Django Dude
The figures are so rare that protesters can only carry pictures of the figures to complain about.
That more or less negates the need for a protest, no?

Apparently, the National Action Network and Project Islamic Hope, two civil rights groups at the center of the storm, felt the figures were commercializing the slave experience. Of course, one could easily argue that the movie itself does the same thing. And we know there will be other Django merchandise, t-shirts, hats, Slurpee cups. It’ll happen and that’s just as much commercialization as anything else. So why are toys persecuted? Because nobody stands up for toys. Toys are still considered “children’s playthings” in the minds of the masses.

Yet, despite all that, the figures have been selling for hundreds and thousands of dollars on Ebay. The highest auction I could find was over $5,000 for a set of figures. At least until today, as Ebay wants nothing more to do with Django. Ebay has removed all of the auctions, at the behest of complaints, because it violates their “racially or ethnically offensive” policy. Even though Ebay pulled the items down, several have popped back up, all at inflated prices. Ebay’s jump into this mix will likely briefly increase the figure’s worth but I suspect over time, if Ebay continues to pull auctions, the price will plummet. Nobody really wants these figures, they only want them because they’re rare and controversial.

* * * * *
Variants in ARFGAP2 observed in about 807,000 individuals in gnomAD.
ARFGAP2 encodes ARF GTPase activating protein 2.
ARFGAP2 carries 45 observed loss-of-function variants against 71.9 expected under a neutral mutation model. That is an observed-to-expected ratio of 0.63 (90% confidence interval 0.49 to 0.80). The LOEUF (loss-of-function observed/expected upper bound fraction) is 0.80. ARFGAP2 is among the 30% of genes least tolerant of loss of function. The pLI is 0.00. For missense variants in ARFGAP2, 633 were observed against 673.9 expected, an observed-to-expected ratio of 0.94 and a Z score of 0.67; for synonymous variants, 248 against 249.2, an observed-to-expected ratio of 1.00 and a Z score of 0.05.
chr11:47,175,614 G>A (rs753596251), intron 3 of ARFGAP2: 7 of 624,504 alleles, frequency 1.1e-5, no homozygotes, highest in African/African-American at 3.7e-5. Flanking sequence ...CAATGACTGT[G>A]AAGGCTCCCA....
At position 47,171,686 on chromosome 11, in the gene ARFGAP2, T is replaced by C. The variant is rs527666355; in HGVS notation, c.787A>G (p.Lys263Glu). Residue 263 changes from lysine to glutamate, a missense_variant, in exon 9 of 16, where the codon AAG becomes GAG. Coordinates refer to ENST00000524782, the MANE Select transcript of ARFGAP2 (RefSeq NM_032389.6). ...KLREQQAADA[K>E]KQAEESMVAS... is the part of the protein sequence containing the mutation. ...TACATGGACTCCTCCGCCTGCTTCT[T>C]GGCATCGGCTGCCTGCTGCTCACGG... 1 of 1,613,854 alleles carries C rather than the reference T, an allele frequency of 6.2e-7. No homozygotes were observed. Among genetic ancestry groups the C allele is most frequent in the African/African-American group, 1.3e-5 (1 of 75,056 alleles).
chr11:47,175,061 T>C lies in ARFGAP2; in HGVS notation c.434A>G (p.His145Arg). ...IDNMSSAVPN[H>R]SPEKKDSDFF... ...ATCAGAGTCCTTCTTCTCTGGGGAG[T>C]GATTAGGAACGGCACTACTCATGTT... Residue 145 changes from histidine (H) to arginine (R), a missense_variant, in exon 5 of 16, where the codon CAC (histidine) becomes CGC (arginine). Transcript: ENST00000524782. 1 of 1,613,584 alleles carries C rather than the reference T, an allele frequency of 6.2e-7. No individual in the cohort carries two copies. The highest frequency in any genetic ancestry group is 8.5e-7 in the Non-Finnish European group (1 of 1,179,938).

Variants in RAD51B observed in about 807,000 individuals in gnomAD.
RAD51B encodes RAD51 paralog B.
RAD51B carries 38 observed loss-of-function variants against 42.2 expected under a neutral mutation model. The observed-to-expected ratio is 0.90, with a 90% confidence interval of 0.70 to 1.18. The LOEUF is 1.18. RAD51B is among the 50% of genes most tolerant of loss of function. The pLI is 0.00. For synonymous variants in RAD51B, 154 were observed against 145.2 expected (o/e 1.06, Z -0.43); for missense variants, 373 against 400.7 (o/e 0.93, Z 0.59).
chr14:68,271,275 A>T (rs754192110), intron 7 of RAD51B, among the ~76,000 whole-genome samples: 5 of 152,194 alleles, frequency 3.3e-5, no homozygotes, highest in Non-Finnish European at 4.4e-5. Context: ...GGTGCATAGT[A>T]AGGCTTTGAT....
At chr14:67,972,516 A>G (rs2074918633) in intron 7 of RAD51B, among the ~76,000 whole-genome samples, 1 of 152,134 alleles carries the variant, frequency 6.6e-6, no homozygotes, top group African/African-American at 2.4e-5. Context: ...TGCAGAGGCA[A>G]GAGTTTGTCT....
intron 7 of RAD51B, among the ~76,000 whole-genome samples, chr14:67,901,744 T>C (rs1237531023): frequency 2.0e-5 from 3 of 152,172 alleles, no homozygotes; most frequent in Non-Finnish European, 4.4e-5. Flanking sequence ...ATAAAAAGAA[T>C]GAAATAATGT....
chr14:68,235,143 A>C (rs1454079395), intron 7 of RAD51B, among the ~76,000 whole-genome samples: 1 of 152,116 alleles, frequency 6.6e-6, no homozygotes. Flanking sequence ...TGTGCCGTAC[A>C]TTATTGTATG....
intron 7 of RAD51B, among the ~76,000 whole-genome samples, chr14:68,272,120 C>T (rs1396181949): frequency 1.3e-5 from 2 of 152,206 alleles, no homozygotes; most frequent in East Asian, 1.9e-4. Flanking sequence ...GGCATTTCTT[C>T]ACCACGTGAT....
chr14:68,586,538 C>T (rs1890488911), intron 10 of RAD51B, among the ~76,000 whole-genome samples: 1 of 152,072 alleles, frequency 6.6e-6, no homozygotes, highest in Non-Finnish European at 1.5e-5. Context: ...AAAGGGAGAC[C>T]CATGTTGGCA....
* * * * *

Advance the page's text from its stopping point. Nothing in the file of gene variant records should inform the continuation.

Which brings me to my second point. These are not good toys. Had this controversy not erupted, nobody would even know these figures existed. These figures had absolutely ZERO hype. The only people who were interested in them were the hardest of hardcore and Mego collectors. Popular toy blogs weren’t talking about them and the only discussions on the Mego forums were about the potential for new kitbash parts. You see, nobody really wanted Django Unchained toys and certainly not in the Mego format.

When people started to get the figures in hand, the discussions turned to how they had a decent likeness, but that the bodies weren’t very good and that parts of them looked rushed. In fact, I ranted about how NECA should have taken the time to make a better body and that they went too detailed on the clothes for the scale resulting in figures that looked too stuffed. The consensus was that these were a nice first try from NECA, but that they still had a way to go before being something to truly seek out.